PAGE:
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Wow, 4 equivalent answers but noone (including me) had noticed that the circle is impossible. Great caution there :) –  Juris Jan 16 '13 at 23:45
    
Some times we see people using such strange values to approximate $\pi$. I'll not be surprised with this value, unfortunately. –  Sigur Jan 16 '13 at 23:47

Hint: $$\frac{4\times\text{Area}}{\text{Diameter}}=\frac{4\pi r^2}{2r}=2\pi r$$

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Sorry this didn't give me the right answer –  Daniel K Jan 16 '13 at 23:38
    
@DanielK, what is your right answer? –  Sigur Jan 16 '13 at 23:41
    
@DanielK Perhaps it didn't give you the right answer because your circle is impossible? –  Jonathan Christensen Jan 16 '13 at 23:44
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@DanielK: assuming that your area is $279.46\text{ cm}^2$ and the diameter is $18\text{ cm}$, we get the circumference to be $$ \frac{4\times279.46\text{ cm}^2}{18\text{ cm}}=62.1\text{ cm} $$ However, a circle with a diameter of $18\text{ cm}$ would have an area of $254.469\text{ cm}^2$ –  robjohn Jan 16 '13 at 23:46
    
@DanielK I don´t understand, why are you asking if you already know the "right answer"? –  dwarandae Jan 17 '13 at 1:19

See Approximation of circle by n-sided polygons in interative Java Apllets for Circle Area Approximation. For Exemple here.

enter image description here

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Since $A=\pi r^2$ then $A/r^2=\pi$. But $C=2\pi r$ and so $C=2r A/r^2=2A/r=4A/d$, where $d$ is the diameter.

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So you're saying (Area x 2) divided by Diameter? Because if you are this also didn't give me the answer I was looking for –  Daniel K Jan 16 '13 at 23:41
    
@DanielK: It looks like you are a factor 2 off, but your data are not correct, either. –  Ross Millikan Jan 16 '13 at 23:51

The relation between area of a circle and its circunference can be seen by dissecting it, according to your tastes, as an onion, or as a pizza.

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I think this answer might help also.

Suppose you know a priori that the only way to get what you want either by algorithms that approximate the area A of the circle area polígnos with n sides.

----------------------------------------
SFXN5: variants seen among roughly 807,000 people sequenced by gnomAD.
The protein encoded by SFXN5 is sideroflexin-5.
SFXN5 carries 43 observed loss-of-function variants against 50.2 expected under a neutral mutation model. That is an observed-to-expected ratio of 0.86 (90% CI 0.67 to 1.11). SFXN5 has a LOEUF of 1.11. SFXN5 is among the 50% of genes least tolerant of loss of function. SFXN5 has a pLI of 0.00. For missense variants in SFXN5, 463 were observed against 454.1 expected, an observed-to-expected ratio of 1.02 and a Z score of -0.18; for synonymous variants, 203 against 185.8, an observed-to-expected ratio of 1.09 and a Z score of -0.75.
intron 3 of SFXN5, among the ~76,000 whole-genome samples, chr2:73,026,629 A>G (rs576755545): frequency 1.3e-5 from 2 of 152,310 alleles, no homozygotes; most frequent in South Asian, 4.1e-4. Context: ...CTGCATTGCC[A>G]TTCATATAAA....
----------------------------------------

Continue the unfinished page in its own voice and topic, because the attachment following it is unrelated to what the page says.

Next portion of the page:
If you want an algorithm which does not mention the constant $\pi$ irrational then you may have a dozen algorithms that provide the area $A>0$ of the circle by approximation of areas $A_{n_k}$ polignos of $n_k$ sides. Here $k$ indicates the $k$-th step of the algorithm. In general all these algorithms are the algorithm as a coneceitual as described below.

Conceptual algorithm

  1. Initialization: Set $k = 0$ and one (or more if you want) poligno $P_{n_k}$ with $n_k$ sides. A number $\epsilon> 0$, Area $A>0$ of the circle.

  2. Step Interactive: some effective procedure that gets a poligno $P_{n_{k +1}}$ by polignos from the previous step that makes the sequence $ A_k $ of areas of polignos $P_{n_{k}}$ converges.

  3. Stopping criterion: say something like $| A - A_{n_{k +1}} | <\epsilon$

If we do not have a priori the area $A>0$ of the circle then such an conceptual algorithm is possible but a little more complex.

The answer to your question is then yes and not:

  • Yes, by cause the conceptual algorithm not mentioned the irrational constant $\pi$.

  • Not, by cause, for all above type algorithms work by providing an indirect calculation for $\pi $. To see this, just remember that the area of circle is $$A = \pi\cdot r^2.$$ And by any above type algorithms $$\lim_{k\to\infty} A_{n_k} = A.$$ Then $$ \pi = \frac{1}{r^2}\cdot\lim_{k\to\infty} A_{n_k}. $$

I hope that helped.

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I'm surprised no-one has yet given this answer, so: $$C=\tau r=\frac{\tau}{2}d$$ So, no, you don't need $\pi$ ;)

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Did you mean to write C instead of A? –  Martin Jan 17 '13 at 12:35
    
@Martin You are right of course. Thanks for spotting this. –  Christian Jan 21 '13 at 14:01